Can you picture standing before the cross and seeing Jesus hanging with blood flowing out of open wounds? Do you think that the sight of His broken body would make you wonder if it was God’s will for you to suffer?
And when he had given thanks, he brake it, and said, Take, eat: this is my body, which is broken for you: this do in remembrance of me. After the same manner also he took the cup, when he had supped, saying, this cup is the new testament in my blood: this do ye, as oft as ye drink it, in remembrance of me.
1 Corinthians 11:24-25
Can you imagine looking at Jesus as He suffered on the cross and questioning whether or not it was God’s will for us to be saved? He bore our sins and carried our transgression so that we would not have to.
Surely he hath borne our griefs, and carried our sorrows: yet we did esteem him stricken, smitten of God, and afflicted. But he was wounded for our transgressions, he was bruised for our iniquities: the chastisement of our peace was upon him; and with his stripes we are healed.
“Scourging, called verberatio by the Romans, was possibly the worst kind of flogging administered by ancient courts. While the Jews administered whippings in the synagogues for certain offenses, these were mild in comparison to scourging. Scourging was not normally a form of execution, but it certainly was brutal enough to be fatal in many cases. A person certainly could be beaten to death by the scourge if that was desired. Its purpose was not only to cause great pain, but to humiliate as well. To scourge a man was to beat him worse than one would beat a stupid animal. It was belittling, debasing, and demeaning. It was considered such a degrading form of punishment that, according to the Porcian (248 B.C.) and Sempronian (123 B.C.) laws, Roman citizens were exempt from it. It was, therefore, the punishment appropriate only for slaves and non-Romans, those who were viewed as the lesser elements in Roman society. To make it as humiliating as possible, scourging was carried out in public.
The instrument used to deliver this form of punishment was called in Latin a flagellum or a flagrum. This was much different from the bull whip that is more common in our culture. It was instead more like the old British cat o’ nine tails, except that the flagellum was not designed merely to bruise or leave welts on the victim. The flagellum was a whip with several (at least three) thongs or strands, each perhaps as much as three feet long, and the strands were weighted with lead balls or pieces of bone. This instrument was designed to lacerate. The weighed thongs struck the skin so violently that it broke open. The church historian Eusebius of Caesarea recounts with vivid, horrible detail a scene of scourging. He says, “For they say that the bystanders were struck with amazement when they saw them lacerated with scourges even to the innermost veins and arteries, so that the hidden inward parts of the body, both their bowels and their members, were exposed to view” (Ecclesiastical History, Book 4, chap. 15).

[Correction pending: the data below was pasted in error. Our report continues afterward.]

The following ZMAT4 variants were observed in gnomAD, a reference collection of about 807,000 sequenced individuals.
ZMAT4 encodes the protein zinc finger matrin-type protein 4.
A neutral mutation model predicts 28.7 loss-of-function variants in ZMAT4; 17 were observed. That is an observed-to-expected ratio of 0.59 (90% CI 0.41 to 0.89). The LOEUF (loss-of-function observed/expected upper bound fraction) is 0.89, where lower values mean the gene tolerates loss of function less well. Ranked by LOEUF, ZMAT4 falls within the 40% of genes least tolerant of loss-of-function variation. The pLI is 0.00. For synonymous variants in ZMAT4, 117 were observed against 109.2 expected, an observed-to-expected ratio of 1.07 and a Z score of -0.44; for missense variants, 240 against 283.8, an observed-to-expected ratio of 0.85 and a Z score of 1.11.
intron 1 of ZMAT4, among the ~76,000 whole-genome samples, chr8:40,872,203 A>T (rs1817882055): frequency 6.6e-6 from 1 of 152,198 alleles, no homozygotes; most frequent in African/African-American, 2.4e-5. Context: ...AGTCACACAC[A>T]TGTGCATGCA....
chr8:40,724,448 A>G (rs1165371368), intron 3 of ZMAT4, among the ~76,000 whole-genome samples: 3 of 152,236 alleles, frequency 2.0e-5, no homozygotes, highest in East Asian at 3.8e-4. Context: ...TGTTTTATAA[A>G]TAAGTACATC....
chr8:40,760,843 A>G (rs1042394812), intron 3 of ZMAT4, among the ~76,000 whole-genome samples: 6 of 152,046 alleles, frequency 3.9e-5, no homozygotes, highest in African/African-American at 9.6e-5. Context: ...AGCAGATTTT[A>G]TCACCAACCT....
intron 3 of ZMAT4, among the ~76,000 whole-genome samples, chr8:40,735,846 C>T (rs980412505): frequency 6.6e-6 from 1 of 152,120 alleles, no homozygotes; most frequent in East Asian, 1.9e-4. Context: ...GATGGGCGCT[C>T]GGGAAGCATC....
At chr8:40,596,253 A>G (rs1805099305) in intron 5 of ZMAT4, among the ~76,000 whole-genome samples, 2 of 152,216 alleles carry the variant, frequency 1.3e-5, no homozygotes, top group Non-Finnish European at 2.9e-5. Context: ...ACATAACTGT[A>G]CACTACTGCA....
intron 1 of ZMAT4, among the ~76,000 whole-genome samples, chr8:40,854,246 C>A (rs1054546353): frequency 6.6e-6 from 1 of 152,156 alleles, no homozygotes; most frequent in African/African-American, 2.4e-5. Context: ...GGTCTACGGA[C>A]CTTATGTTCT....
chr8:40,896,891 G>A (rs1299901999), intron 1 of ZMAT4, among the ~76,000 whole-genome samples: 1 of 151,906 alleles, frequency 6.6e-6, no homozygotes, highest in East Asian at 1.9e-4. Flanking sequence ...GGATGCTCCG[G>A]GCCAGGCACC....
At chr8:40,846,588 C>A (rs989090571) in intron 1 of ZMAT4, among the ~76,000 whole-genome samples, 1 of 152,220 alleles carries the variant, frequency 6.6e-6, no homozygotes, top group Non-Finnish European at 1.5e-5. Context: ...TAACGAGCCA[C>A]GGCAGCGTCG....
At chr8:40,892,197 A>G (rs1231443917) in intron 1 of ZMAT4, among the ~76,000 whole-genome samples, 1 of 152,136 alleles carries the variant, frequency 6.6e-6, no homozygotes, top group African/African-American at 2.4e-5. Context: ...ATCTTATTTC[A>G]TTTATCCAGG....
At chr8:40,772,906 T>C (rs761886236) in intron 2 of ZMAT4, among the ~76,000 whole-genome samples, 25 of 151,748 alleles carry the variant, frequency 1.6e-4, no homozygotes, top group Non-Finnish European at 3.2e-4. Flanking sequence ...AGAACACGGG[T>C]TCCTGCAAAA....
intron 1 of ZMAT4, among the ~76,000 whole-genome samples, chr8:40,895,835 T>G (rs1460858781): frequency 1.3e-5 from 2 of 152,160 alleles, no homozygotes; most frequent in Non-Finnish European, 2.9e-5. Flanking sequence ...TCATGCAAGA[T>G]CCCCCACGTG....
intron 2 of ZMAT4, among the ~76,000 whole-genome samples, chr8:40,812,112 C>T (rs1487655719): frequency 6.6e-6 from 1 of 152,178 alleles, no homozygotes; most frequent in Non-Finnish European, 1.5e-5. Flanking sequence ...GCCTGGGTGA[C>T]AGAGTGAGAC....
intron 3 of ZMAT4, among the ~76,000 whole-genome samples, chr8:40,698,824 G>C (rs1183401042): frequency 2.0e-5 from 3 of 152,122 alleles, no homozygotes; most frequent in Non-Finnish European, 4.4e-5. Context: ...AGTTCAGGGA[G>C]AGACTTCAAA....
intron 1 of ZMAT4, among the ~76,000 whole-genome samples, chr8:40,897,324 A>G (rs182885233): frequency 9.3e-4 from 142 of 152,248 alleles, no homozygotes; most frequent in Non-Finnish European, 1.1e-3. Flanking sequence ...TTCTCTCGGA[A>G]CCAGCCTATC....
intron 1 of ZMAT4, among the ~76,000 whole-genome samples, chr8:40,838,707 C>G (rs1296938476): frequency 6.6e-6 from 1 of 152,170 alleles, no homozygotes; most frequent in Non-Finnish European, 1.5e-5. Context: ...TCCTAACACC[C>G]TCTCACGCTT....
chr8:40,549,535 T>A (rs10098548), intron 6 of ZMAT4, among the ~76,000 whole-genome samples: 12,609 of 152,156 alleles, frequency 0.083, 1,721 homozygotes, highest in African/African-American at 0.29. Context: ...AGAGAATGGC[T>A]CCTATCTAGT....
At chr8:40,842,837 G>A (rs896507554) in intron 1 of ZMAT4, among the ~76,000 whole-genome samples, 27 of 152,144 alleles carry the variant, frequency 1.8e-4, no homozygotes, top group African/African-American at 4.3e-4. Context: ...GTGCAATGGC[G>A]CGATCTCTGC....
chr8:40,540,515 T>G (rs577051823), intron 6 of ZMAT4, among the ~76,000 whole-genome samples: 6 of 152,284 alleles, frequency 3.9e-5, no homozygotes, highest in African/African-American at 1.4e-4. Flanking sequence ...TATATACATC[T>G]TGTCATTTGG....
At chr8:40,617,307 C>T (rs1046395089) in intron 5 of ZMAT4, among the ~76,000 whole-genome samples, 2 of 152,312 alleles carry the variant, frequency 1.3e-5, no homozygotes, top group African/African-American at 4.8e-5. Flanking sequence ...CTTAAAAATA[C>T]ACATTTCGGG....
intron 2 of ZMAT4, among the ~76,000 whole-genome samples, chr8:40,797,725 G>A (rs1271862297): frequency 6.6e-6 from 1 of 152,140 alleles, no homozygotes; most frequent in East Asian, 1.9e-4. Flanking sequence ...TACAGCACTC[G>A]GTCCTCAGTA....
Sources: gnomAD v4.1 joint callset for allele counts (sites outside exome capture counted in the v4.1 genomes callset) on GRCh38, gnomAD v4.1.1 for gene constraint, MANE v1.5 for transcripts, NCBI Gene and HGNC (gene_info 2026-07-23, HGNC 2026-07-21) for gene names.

The victim of a scourging was bound to a post or frame, stripped of his clothing, and beaten with the flagellum from the shoulders to the loins. The beating left the victim bloody and weak, in unimaginable pain, and near the point of death. It is no doubt that weakness from his scourging was largely the reason Jesus was unable to carry his cross all the way to Golgotha (Matt. 27:32 and parallels).”
Can you imagine seeing Jesus tied to the whipping post and watching as the flagellum ripped His skin apart? Isaiah tells us that it was by these stripes that we are healed today.
If you watched Jesus go through that scourging, knowing that He was doing so to provide healing, would you question whether or not it was God’s will for you to be healed? Jesus’ suffering was the result of His love for each one of us.
Greater love hath no man than this, that a man lay down his life for his friends.
Jesus allowed Himself to be scourged to provide healing for all who would receive Him as their Lord and Savior. If you have never accepted Him then I encourage you to pray the following simple prayer:
Dear God, I want to be a part of your family. You said in Your Word that if I acknowledge that You raised Jesus from the dead, and that I accept Him as my Lord and Savior, I would be saved. So God, I now say that I believe You raised Jesus from the dead and that He is alive and well. I accept Him now as my personal Lord and Savior. I accept my salvation from sin right now.
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